Felts v. CLK Management, Inc.
In this case in which Public Justice is co-counsel on behalf of a class of New Mexico payday lending customers, the New Mexico Supreme Court has ruled that, under state consumer protection laws, an Internet payday lender cannot compel arbitration of the plaintiff’s claims.
In its earlier appeal to the New Mexico Court of Appeals, Public Justice had urged the court to uphold the trial court’s order denying the defendant payday lenders’ motion to compel arbitration. The trial court ruled that it — not the arbitrator — should determine the enforceability of the payday lenders’ arbitration clause, and that the class action ban within that clause violated fundamental New Mexico public policy, thus rendering the entire clause substantively unconscionable and unenforceable.
During the appeal, the U.S. Supreme Court decided Rent-A-Center West v. Jackson, another Public Justice case, where the Court provided guidance on the issue of when the arbitrator, as opposed to a court, decides issues of enforceability of the arbitration clause. Public Justice argued that, under the framework established in Rent-A-Center, the issue of enforceability of the arbitration clause here was appropriately for the court — not the arbitrator — to decide, because the defendants’ arbitration clause failed to clearly and unmistakably delegate this issue to the arbitrator, and any purported delegation argued by the defendants would fail under generally applicable principles of New Mexico contract law. Public Justice also argued that the trial court properly ruled that the defendants’ class action ban violates New Mexico public policy because the ban effectively exculpates the defendants from liability to their customers for relatively small-value, but demonstrably complex, consumer claims.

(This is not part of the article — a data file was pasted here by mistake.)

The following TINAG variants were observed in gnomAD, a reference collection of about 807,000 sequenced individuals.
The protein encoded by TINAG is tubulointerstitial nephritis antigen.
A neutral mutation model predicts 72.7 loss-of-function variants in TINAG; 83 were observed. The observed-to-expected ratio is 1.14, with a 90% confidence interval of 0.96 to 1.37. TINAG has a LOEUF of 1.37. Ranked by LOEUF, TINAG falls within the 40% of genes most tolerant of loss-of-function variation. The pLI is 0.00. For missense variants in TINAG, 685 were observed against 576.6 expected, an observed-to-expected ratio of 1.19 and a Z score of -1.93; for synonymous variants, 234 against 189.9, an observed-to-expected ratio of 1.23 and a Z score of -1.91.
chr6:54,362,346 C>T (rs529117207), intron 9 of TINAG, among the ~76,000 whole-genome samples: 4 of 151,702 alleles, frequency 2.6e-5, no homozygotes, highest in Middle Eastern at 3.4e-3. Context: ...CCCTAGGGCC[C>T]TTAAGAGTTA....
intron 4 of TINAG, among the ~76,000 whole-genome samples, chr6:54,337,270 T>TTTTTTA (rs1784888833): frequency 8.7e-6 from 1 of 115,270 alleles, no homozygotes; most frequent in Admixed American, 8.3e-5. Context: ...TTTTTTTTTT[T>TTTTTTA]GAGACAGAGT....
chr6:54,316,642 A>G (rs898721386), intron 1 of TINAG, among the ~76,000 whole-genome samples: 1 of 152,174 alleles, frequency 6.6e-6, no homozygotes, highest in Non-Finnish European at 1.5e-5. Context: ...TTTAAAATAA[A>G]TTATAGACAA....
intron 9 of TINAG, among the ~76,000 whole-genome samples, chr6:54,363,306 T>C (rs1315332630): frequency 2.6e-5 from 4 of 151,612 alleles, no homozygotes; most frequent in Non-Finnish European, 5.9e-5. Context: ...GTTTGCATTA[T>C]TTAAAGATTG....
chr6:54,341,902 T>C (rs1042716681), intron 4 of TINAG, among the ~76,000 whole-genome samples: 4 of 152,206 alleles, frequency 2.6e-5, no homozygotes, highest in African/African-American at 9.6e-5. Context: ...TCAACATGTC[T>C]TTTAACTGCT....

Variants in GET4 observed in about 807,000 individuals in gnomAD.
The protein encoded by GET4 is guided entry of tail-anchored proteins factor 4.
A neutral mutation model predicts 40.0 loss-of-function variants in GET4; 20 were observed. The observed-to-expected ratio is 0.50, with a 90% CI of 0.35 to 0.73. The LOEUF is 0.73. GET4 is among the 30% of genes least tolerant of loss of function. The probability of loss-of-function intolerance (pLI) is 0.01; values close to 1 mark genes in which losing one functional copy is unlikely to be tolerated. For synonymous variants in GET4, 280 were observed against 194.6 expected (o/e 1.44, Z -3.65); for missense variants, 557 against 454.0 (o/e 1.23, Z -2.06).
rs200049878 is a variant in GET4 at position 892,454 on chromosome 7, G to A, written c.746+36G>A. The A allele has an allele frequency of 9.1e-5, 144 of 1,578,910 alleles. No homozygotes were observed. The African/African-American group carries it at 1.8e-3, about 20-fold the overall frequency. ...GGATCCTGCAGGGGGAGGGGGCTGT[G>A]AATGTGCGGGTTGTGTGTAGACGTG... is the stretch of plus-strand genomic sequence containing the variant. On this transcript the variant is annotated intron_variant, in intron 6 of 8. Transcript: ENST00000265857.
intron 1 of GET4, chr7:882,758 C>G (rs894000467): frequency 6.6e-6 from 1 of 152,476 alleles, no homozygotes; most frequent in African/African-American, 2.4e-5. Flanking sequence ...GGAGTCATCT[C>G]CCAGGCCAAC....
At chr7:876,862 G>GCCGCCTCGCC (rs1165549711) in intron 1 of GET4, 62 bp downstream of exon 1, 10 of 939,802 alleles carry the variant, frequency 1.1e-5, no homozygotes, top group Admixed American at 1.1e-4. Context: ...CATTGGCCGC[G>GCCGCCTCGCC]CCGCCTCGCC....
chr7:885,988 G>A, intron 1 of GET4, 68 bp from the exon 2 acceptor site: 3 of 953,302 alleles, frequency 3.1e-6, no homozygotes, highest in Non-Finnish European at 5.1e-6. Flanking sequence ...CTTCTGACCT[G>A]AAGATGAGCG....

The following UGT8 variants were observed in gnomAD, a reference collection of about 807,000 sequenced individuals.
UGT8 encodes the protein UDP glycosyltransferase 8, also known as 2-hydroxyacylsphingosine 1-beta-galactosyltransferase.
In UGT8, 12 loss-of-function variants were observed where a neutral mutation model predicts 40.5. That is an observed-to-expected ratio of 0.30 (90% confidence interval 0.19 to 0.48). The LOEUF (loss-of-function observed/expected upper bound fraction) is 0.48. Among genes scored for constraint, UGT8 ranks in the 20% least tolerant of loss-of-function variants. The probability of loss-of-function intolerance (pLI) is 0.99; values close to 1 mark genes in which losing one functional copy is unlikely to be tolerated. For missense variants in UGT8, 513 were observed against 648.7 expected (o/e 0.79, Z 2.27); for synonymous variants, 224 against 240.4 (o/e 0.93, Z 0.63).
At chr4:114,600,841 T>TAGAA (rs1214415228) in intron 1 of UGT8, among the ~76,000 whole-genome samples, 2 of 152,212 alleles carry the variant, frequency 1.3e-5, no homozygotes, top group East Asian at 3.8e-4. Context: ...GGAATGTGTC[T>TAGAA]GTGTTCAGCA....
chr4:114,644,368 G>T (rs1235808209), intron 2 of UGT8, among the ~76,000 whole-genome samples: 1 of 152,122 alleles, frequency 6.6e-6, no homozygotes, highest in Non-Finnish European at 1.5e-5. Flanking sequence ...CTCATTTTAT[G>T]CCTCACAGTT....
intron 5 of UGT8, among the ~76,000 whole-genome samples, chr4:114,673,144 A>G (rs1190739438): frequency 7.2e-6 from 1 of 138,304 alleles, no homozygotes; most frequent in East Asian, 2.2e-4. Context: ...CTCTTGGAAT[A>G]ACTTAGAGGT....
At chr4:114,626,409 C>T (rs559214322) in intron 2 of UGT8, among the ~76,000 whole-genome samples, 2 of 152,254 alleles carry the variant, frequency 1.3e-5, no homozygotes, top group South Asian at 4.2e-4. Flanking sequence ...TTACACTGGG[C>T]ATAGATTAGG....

In February 2013, the U.S. Supreme Court denied defendants’ petition for writ of certiorari.
Public Justice’s Paul Bland, Amy Radon and Spencer Wilson are working on the case.
- Spencer Wilson
- On Remand